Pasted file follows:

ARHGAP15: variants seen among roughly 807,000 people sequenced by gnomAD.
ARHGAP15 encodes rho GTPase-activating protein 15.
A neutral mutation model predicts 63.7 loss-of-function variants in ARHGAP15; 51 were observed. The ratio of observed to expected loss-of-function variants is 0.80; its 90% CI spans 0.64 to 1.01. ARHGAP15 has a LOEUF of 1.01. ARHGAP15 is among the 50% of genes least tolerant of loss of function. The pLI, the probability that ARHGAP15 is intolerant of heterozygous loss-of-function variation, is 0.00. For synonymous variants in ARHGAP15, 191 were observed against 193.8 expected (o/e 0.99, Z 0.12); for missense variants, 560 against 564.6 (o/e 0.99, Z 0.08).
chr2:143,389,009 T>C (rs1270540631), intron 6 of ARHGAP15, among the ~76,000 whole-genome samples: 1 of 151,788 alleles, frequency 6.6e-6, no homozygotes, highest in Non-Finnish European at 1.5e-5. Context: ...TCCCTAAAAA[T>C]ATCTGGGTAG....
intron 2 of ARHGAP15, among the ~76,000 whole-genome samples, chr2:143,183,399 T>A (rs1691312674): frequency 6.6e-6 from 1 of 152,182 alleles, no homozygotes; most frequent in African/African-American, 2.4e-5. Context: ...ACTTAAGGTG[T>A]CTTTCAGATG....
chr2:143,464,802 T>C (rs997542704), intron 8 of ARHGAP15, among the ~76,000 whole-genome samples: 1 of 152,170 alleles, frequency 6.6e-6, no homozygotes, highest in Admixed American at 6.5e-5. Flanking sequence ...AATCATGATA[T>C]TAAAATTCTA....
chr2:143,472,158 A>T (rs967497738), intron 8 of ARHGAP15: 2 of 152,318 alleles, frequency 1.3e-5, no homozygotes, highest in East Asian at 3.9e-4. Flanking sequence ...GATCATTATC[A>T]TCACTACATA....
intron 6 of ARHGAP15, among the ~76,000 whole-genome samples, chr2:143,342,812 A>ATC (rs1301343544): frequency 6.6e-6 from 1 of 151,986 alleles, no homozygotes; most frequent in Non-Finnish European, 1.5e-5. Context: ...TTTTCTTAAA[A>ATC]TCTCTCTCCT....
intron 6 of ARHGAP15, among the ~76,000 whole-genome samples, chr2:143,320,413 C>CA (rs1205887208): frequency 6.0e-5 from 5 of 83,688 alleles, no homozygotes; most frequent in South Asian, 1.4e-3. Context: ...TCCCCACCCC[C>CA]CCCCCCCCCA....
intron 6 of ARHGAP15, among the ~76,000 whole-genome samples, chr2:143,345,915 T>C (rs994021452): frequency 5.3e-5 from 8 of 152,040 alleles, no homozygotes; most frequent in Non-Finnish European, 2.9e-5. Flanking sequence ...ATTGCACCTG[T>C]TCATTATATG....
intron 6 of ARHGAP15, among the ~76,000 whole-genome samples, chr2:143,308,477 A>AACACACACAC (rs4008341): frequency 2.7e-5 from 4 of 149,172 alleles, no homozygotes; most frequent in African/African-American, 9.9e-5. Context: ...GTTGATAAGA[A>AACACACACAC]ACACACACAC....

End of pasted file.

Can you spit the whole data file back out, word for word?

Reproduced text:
ARHGAP15: variants seen among roughly 807,000 people sequenced by gnomAD.
ARHGAP15 encodes rho GTPase-activating protein 15.
A neutral mutation model predicts 63.7 loss-of-function variants in ARHGAP15; 51 were observed. The ratio of observed to expected loss-of-function variants is 0.80; its 90% CI spans 0.64 to 1.01. ARHGAP15 has a LOEUF of 1.01. ARHGAP15 is among the 50% of genes least tolerant of loss of function. The pLI, the probability that ARHGAP15 is intolerant of heterozygous loss-of-function variation, is 0.00. For synonymous variants in ARHGAP15, 191 were observed against 193.8 expected (o/e 0.99, Z 0.12); for missense variants, 560 against 564.6 (o/e 0.99, Z 0.08).
chr2:143,389,009 T>C (rs1270540631), intron 6 of ARHGAP15, among the ~76,000 whole-genome samples: 1 of 151,788 alleles, frequency 6.6e-6, no homozygotes, highest in Non-Finnish European at 1.5e-5. Context: ...TCCCTAAAAA[T>C]ATCTGGGTAG....
intron 2 of ARHGAP15, among the ~76,000 whole-genome samples, chr2:143,183,399 T>A (rs1691312674): frequency 6.6e-6 from 1 of 152,182 alleles, no homozygotes; most frequent in African/African-American, 2.4e-5. Context: ...ACTTAAGGTG[T>A]CTTTCAGATG....
chr2:143,464,802 T>C (rs997542704), intron 8 of ARHGAP15, among the ~76,000 whole-genome samples: 1 of 152,170 alleles, frequency 6.6e-6, no homozygotes, highest in Admixed American at 6.5e-5. Flanking sequence ...AATCATGATA[T>C]TAAAATTCTA....
chr2:143,472,158 A>T (rs967497738), intron 8 of ARHGAP15: 2 of 152,318 alleles, frequency 1.3e-5, no homozygotes, highest in East Asian at 3.9e-4. Flanking sequence ...GATCATTATC[A>T]TCACTACATA....
intron 6 of ARHGAP15, among the ~76,000 whole-genome samples, chr2:143,342,812 A>ATC (rs1301343544): frequency 6.6e-6 from 1 of 151,986 alleles, no homozygotes; most frequent in Non-Finnish European, 1.5e-5. Context: ...TTTTCTTAAA[A>ATC]TCTCTCTCCT....
intron 6 of ARHGAP15, among the ~76,000 whole-genome samples, chr2:143,320,413 C>CA (rs1205887208): frequency 6.0e-5 from 5 of 83,688 alleles, no homozygotes; most frequent in South Asian, 1.4e-3. Context: ...TCCCCACCCC[C>CA]CCCCCCCCCA....
intron 6 of ARHGAP15, among the ~76,000 whole-genome samples, chr2:143,345,915 T>C (rs994021452): frequency 5.3e-5 from 8 of 152,040 alleles, no homozygotes; most frequent in Non-Finnish European, 2.9e-5. Flanking sequence ...ATTGCACCTG[T>C]TCATTATATG....
intron 6 of ARHGAP15, among the ~76,000 whole-genome samples, chr2:143,308,477 A>AACACACACAC (rs4008341): frequency 2.7e-5 from 4 of 149,172 alleles, no homozygotes; most frequent in African/African-American, 9.9e-5. Context: ...GTTGATAAGA[A>AACACACACAC]ACACACACAC....